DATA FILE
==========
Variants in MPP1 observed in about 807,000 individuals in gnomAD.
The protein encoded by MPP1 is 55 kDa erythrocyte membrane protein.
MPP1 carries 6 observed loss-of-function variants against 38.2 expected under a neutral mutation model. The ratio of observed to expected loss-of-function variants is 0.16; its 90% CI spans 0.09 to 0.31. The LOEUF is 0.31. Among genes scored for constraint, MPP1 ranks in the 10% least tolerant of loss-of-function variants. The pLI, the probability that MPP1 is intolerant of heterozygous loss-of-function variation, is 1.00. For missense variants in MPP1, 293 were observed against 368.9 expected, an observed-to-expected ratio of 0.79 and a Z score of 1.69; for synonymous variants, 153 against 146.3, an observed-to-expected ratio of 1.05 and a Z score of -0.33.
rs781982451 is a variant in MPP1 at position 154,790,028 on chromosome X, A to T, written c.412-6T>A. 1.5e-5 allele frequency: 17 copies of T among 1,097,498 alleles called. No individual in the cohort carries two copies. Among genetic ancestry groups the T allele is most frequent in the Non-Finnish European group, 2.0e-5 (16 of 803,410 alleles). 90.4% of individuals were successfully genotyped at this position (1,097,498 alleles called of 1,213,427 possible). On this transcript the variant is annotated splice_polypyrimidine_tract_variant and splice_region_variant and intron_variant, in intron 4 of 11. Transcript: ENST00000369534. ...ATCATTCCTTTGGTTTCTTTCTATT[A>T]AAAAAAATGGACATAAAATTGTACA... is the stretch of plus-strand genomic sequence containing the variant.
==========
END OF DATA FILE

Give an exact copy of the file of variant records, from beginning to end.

Variants in MPP1 observed in about 807,000 individuals in gnomAD.
The protein encoded by MPP1 is 55 kDa erythrocyte membrane protein.
MPP1 carries 6 observed loss-of-function variants against 38.2 expected under a neutral mutation model. The ratio of observed to expected loss-of-function variants is 0.16; its 90% CI spans 0.09 to 0.31. The LOEUF is 0.31. Among genes scored for constraint, MPP1 ranks in the 10% least tolerant of loss-of-function variants. The pLI, the probability that MPP1 is intolerant of heterozygous loss-of-function variation, is 1.00. For missense variants in MPP1, 293 were observed against 368.9 expected, an observed-to-expected ratio of 0.79 and a Z score of 1.69; for synonymous variants, 153 against 146.3, an observed-to-expected ratio of 1.05 and a Z score of -0.33.
rs781982451 is a variant in MPP1 at position 154,790,028 on chromosome X, A to T, written c.412-6T>A. 1.5e-5 allele frequency: 17 copies of T among 1,097,498 alleles called. No individual in the cohort carries two copies. Among genetic ancestry groups the T allele is most frequent in the Non-Finnish European group, 2.0e-5 (16 of 803,410 alleles). 90.4% of individuals were successfully genotyped at this position (1,097,498 alleles called of 1,213,427 possible). On this transcript the variant is annotated splice_polypyrimidine_tract_variant and splice_region_variant and intron_variant, in intron 4 of 11. Transcript: ENST00000369534. ...ATCATTCCTTTGGTTTCTTTCTATT[A>T]AAAAAAATGGACATAAAATTGTACA... is the stretch of plus-strand genomic sequence containing the variant.